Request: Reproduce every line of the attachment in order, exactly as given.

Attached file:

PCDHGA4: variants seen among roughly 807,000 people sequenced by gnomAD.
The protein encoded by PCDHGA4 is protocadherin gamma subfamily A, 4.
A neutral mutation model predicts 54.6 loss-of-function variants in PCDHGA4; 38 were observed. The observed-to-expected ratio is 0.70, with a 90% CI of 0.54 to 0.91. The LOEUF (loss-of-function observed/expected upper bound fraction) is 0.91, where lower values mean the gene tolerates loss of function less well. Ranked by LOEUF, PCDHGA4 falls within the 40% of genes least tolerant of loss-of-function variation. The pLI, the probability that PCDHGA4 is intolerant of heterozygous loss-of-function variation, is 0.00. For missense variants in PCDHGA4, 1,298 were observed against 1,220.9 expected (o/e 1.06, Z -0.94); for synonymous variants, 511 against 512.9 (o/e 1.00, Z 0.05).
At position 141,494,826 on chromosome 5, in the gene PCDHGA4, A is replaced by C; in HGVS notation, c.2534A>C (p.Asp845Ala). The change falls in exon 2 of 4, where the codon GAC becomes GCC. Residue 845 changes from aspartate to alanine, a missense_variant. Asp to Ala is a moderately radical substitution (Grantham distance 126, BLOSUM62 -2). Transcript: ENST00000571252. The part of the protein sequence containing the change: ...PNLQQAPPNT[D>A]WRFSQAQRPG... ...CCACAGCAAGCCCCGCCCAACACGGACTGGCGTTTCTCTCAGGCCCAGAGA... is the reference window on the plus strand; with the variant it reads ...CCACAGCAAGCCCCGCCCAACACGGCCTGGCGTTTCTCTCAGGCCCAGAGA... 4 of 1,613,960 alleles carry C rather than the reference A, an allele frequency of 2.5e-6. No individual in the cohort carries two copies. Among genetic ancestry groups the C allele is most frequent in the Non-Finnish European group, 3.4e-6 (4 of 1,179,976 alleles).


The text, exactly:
PCDHGA4: variants seen among roughly 807,000 people sequenced by gnomAD.
The protein encoded by PCDHGA4 is protocadherin gamma subfamily A, 4.
A neutral mutation model predicts 54.6 loss-of-function variants in PCDHGA4; 38 were observed. The observed-to-expected ratio is 0.70, with a 90% CI of 0.54 to 0.91. The LOEUF (loss-of-function observed/expected upper bound fraction) is 0.91, where lower values mean the gene tolerates loss of function less well. Ranked by LOEUF, PCDHGA4 falls within the 40% of genes least tolerant of loss-of-function variation. The pLI, the probability that PCDHGA4 is intolerant of heterozygous loss-of-function variation, is 0.00. For missense variants in PCDHGA4, 1,298 were observed against 1,220.9 expected (o/e 1.06, Z -0.94); for synonymous variants, 511 against 512.9 (o/e 1.00, Z 0.05).
At position 141,494,826 on chromosome 5, in the gene PCDHGA4, A is replaced by C; in HGVS notation, c.2534A>C (p.Asp845Ala). The change falls in exon 2 of 4, where the codon GAC becomes GCC. Residue 845 changes from aspartate to alanine, a missense_variant. Asp to Ala is a moderately radical substitution (Grantham distance 126, BLOSUM62 -2). Transcript: ENST00000571252. The part of the protein sequence containing the change: ...PNLQQAPPNT[D>A]WRFSQAQRPG... ...CCACAGCAAGCCCCGCCCAACACGGACTGGCGTTTCTCTCAGGCCCAGAGA... is the reference window on the plus strand; with the variant it reads ...CCACAGCAAGCCCCGCCCAACACGGCCTGGCGTTTCTCTCAGGCCCAGAGA... 4 of 1,613,960 alleles carry C rather than the reference A, an allele frequency of 2.5e-6. No individual in the cohort carries two copies. Among genetic ancestry groups the C allele is most frequent in the Non-Finnish European group, 3.4e-6 (4 of 1,179,976 alleles).